With slower job growth — and sharp job losses in manufacturing — one naturally would expect to see higher unemployment rates in non-right-to-work states. This held true between 1978 and 2000: right-to-work states had an average unemployment rate of 5.8 percent versus 6.3 for non-right-to-work states. Michigan, in spite of its relative prosperity during the 1990s, had a poor record for unemployment for the period, with an average unemployment rate of 8.1 percent.[20]

Unemployment rates were lower overall from 2001 to 2006, and the gaps between right-to-work and non-right-to-work states (including Michigan) tightened somewhat, but right-to-work states still tended to have lower rates of unemployment: 4.8 percent for right-to-work states, 5.1 percent for non-right-to-work states and 6.5 percent for Michigan.[21]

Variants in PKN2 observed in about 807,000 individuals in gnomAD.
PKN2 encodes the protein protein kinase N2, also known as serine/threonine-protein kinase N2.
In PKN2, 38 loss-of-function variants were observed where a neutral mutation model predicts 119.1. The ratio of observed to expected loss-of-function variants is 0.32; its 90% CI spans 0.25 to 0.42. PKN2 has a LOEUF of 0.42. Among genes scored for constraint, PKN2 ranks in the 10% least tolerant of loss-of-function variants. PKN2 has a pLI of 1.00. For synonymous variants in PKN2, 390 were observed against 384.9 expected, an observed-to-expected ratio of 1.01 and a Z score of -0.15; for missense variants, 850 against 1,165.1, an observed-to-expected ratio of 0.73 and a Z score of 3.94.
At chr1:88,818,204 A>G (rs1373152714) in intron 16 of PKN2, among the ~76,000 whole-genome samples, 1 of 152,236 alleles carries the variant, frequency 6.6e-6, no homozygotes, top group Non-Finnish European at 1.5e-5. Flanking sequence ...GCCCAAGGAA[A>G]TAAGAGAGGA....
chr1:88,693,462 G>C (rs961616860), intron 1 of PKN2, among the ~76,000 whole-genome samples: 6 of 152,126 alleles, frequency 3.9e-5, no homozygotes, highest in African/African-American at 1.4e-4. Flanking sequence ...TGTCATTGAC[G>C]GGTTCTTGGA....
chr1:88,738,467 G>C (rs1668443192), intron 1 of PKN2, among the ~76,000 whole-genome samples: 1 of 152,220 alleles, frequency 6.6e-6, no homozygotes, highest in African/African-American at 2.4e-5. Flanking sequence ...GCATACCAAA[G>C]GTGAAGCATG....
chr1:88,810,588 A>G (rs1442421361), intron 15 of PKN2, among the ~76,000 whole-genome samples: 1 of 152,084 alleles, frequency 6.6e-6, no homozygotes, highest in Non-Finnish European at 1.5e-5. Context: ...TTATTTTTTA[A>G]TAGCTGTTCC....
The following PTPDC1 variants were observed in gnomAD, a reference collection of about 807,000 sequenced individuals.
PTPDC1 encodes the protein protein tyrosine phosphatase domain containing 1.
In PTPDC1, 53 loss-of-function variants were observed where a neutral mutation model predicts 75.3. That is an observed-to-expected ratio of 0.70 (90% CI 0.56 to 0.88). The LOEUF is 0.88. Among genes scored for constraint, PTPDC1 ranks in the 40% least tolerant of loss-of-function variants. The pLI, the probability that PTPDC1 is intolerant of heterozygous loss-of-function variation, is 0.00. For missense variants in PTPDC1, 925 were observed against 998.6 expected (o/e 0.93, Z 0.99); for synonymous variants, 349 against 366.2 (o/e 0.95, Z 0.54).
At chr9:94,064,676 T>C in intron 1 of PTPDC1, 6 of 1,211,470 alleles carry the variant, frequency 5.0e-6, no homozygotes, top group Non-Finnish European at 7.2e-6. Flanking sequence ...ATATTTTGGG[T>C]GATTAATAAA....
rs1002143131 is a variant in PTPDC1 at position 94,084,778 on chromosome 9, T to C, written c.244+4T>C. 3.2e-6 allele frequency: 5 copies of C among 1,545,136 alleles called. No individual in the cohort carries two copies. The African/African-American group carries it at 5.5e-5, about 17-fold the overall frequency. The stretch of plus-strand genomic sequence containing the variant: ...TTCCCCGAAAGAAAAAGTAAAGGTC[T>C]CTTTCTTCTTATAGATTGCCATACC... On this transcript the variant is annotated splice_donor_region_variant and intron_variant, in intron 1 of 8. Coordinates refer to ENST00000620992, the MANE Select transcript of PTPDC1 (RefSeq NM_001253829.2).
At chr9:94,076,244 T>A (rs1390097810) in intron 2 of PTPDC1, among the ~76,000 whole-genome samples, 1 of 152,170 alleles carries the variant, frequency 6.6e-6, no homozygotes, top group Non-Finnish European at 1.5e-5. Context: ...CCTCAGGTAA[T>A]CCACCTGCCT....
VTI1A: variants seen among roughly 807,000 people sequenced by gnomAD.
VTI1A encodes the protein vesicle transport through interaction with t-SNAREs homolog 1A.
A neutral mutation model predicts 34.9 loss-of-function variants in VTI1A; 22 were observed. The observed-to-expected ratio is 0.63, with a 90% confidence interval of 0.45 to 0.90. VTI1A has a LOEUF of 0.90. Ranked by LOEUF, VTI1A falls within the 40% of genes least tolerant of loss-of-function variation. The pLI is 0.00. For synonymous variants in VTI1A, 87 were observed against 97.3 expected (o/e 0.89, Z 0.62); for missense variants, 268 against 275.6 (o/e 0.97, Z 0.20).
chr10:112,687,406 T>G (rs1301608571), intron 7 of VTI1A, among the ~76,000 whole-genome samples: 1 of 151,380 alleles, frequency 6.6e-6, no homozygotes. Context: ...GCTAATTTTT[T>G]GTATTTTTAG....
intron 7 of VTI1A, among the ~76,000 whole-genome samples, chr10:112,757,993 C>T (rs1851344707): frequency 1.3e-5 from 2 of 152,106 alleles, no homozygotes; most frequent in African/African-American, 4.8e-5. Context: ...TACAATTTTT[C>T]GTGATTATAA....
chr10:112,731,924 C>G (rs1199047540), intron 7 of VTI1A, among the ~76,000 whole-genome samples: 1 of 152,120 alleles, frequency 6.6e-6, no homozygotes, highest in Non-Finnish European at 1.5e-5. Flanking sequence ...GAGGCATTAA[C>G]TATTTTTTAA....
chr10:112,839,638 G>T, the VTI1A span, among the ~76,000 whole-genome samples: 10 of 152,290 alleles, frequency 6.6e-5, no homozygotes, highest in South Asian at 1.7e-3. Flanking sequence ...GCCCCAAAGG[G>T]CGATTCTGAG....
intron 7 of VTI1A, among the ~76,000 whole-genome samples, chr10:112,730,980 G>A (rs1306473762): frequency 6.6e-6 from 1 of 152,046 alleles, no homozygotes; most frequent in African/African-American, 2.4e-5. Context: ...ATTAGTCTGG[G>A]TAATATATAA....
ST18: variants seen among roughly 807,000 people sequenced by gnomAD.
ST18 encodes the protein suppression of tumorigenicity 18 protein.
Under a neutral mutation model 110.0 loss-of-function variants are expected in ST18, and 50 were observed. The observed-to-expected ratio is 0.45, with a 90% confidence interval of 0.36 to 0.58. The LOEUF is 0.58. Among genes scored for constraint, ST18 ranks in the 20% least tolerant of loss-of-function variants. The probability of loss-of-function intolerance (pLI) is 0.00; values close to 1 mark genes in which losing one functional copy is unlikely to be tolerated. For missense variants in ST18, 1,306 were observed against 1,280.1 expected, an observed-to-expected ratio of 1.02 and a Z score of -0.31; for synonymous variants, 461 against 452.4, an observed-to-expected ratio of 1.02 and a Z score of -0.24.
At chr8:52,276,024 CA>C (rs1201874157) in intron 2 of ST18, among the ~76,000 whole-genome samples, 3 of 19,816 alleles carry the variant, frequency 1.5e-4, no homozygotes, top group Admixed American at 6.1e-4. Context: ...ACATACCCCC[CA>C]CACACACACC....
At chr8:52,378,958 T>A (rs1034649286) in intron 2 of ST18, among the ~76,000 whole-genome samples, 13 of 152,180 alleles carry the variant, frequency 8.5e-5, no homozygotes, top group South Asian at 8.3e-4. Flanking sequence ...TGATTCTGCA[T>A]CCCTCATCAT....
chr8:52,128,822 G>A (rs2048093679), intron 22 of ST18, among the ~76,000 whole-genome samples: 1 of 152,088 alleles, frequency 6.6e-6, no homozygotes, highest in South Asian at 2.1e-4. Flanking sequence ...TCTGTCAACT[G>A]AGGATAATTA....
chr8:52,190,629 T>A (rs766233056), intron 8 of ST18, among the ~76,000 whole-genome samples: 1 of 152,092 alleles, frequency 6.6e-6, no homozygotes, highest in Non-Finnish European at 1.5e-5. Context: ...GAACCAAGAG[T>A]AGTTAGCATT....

The unemployment rate for Michigan may understate the difficulty that Michigan workers have in finding jobs. From 2000 to 2006 the Census estimates that Michigan’s population grew by only 1.6 percent, while the national population grew by 6.4 percent.[22] Data compiled by United Van Lines, one of the nation’s largest movers, indicates that in 2006 Michigan was tied with North Dakota for the highest rate of outbound migration in the country, with nearly two families leaving the state for every family moving in. The families that move out will not show up in the state’s unemployment figures, but it is very likely that many of them are the families of Michigan workers who could not find jobs close to home.